For most Americans, the word “exorcism” conjures up images of dramatic Hollywood scenes or superstitious medieval practices that have long since outlived their usefulness. But in the Catholic Church, the rite of exorcism remains a necessary — albeit extremely rare — means of combating evil. 

With exorcists in short supply and high demand, the U.S. bishops held a two-day, closed-door meeting before their November general assembly in Baltimore to discuss the use of the rite in to-day’s Church. The conference, attended by more than 100 priests and bishops from around the country, focused on the scriptural basis for exorcism and the steps included in the rite, while offering practical guidelines for dioceses to respond to requests from those seeking an exorcism. 

“There are only a handful of priests around the country that have any training or expertise in this area, and they get inquiries from all over the country,” said Bishop Thomas Paprocki of Springfield, Ill., chairman of the bishops’ Committee on Canonical Affairs and Church Governance, which organized the meeting. 

Because canon law requires bishops to grant permission to a priest to perform an exorcism, Bishop Paprocki told Our Sunday Visitor, it is important that they be informed about the use of the rite. 

“Certainly it is not required that a bishop appoint an exorcist on a stable basis, but I do think every bishop should be prepared to handle these kinds of inquiries,” he said. 

Skeptical approach 

Exorcism, a sacramental first established in 1614 and revised by the Vatican in 1998, is defined by the Catechism of the Catholic Church as the “expulsion of demons” or “the liberation from demonic possession through the spiritual authority which Jesus entrusted to his Church.” Both the Catechism and the rite itself, however, prescribe a detailed process of evaluation prior to performing an exorcism.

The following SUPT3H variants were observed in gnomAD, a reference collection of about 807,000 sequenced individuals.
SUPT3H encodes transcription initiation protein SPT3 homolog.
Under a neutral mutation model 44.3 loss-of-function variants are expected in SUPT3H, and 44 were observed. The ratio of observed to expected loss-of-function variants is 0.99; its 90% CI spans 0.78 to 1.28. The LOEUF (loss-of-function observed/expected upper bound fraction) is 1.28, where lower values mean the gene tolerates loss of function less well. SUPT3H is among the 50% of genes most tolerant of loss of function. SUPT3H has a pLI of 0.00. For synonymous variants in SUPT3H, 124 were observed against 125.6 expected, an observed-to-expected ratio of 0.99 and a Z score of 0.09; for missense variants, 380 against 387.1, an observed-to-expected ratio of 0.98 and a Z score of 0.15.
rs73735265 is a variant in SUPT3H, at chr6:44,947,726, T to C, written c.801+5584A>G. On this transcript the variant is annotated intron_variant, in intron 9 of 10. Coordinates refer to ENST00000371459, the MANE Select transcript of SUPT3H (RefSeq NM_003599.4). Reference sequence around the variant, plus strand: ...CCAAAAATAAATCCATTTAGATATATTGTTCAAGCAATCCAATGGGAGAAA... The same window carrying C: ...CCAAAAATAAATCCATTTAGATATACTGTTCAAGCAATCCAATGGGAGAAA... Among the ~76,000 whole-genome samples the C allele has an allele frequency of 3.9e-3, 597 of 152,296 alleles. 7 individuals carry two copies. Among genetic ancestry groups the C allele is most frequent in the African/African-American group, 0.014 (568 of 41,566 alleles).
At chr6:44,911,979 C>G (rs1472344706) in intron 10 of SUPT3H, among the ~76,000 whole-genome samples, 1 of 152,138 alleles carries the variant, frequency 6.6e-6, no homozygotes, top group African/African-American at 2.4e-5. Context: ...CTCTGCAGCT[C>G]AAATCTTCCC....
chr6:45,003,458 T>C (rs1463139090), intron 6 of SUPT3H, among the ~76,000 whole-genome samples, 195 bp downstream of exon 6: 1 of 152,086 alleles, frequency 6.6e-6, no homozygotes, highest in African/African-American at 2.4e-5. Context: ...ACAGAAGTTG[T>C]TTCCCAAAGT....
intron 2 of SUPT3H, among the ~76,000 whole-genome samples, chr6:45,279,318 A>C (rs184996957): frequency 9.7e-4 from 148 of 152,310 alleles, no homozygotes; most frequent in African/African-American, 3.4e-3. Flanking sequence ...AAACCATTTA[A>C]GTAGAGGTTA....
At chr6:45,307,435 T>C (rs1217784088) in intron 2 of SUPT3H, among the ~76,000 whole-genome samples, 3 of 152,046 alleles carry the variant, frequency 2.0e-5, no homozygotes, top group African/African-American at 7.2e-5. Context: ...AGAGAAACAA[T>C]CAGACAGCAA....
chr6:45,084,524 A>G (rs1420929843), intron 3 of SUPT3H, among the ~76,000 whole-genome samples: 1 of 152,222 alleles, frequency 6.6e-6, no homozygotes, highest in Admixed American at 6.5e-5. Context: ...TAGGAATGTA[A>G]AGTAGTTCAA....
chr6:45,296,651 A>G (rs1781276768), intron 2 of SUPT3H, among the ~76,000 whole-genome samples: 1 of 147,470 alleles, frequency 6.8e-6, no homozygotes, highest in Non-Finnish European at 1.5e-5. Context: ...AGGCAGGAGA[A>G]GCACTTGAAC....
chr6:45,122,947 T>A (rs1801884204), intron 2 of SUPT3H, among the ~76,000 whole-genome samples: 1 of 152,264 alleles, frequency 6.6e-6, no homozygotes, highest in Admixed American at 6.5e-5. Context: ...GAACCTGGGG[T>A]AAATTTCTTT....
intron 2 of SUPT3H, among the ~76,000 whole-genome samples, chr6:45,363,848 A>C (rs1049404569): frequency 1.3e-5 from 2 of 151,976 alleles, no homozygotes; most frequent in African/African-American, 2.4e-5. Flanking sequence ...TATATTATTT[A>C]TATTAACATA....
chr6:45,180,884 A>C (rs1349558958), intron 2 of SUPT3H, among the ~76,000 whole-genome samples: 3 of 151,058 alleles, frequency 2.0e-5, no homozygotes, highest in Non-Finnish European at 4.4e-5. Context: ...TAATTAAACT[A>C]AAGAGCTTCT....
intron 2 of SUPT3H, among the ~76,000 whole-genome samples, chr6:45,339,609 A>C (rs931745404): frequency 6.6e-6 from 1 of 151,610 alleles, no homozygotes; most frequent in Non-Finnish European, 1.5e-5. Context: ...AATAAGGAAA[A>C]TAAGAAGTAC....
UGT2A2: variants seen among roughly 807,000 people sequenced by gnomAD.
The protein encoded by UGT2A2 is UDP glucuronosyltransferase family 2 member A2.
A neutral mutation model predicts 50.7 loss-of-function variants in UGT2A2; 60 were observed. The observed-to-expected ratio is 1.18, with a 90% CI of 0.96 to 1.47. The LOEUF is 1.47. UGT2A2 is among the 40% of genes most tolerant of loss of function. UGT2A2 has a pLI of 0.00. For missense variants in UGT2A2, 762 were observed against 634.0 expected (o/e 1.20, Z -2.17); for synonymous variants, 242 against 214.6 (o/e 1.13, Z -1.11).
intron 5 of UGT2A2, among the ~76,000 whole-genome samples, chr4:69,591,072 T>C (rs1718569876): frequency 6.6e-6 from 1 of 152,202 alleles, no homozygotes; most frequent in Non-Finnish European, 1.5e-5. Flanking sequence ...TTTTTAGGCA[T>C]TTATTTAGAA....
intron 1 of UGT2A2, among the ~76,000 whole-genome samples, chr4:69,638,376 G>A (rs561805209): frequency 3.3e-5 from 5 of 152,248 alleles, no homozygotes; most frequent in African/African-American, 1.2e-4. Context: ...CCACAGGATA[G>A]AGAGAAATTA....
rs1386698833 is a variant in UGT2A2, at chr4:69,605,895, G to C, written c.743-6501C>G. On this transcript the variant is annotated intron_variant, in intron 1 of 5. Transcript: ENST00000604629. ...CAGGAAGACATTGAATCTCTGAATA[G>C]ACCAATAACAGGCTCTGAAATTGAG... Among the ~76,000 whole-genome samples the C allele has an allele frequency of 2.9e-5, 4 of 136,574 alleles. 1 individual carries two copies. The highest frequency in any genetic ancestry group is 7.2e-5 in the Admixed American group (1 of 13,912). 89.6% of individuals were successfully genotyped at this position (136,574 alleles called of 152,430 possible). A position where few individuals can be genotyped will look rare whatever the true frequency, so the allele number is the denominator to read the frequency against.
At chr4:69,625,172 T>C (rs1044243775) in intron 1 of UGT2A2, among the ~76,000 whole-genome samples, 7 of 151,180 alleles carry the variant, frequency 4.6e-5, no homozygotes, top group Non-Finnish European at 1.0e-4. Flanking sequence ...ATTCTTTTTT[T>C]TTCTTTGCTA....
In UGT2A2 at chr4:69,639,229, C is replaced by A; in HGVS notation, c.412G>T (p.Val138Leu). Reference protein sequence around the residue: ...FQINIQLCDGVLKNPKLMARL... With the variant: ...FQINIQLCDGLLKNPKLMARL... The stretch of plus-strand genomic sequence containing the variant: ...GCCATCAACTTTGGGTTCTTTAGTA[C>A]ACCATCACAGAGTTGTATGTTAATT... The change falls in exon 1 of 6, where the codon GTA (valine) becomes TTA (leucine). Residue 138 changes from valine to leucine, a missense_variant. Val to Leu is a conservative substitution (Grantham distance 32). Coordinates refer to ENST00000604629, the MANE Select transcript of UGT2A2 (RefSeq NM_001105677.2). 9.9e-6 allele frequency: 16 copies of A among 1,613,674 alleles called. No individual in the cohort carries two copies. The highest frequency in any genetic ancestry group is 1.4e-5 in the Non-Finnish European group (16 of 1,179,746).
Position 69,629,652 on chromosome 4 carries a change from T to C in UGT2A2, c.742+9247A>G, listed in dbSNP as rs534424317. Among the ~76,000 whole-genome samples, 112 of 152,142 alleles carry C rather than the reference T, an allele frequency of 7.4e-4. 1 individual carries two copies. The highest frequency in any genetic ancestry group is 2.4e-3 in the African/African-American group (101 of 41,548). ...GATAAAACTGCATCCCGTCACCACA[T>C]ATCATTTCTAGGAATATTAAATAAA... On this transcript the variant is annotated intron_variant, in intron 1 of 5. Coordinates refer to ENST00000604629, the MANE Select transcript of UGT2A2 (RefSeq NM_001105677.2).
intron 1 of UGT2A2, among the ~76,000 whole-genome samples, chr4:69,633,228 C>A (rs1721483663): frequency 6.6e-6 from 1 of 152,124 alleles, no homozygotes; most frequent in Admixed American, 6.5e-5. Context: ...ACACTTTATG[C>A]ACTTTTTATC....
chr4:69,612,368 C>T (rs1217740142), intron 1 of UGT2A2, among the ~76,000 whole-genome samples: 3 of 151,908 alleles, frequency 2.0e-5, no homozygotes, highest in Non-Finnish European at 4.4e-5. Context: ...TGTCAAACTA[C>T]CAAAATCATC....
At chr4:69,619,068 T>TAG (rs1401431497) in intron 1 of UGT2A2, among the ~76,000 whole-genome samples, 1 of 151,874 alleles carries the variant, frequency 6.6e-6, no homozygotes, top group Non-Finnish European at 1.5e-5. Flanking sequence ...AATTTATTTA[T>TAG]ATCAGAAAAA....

“Fundamentally, the Church trains the exorcist as a skeptic,” Father Jeffrey Grob, exorcist for the Archdiocese of Chicago, told OSV. “The presumption is that there is some natural, organic explanation for what is going on.” 

The primary job of the exorcist — one that consumes much more of their time than actual exorcisms — is to work with people who feel they are possessed to uncover the root cause of the problem. For Father Gary Thomas, an exorcist for the Diocese of San Jose, Calif., that includes personal interviews with the individual and relying on a team of trained medical professionals, including a physician, clinical psychologist and psychiatrist, to evaluate cases. 

“It is really a discernment,” Father Thomas told OSV. “You need to ask a lot of personal questions about their history and other practices they may have been involved in, including their own faith life. Usually you can ascertain from the answers to those questions what might be going on.” 

Common signs of possession are those that have no logical explanation, including fluency in a language the person never studied, ability to reveal secrets they would have no way of knowing, extraordinary strength or aversion to the sacred. In most cases, however, the evaluation reveals that something other than demonic possession is causing the person’s symptoms. 

Nonetheless, Father Thomas feels that priests must be aware that cases of possession can and do occur. Few seminaries today, however, offer any instruction on such matters. 

“There has to be something in the formation of our priests that begins to make them aware that this also is part of their ministry,” Father Thomas said. “People keep coming with these issues, whether they are contrived or real, and our priests need to know how to minister to them.”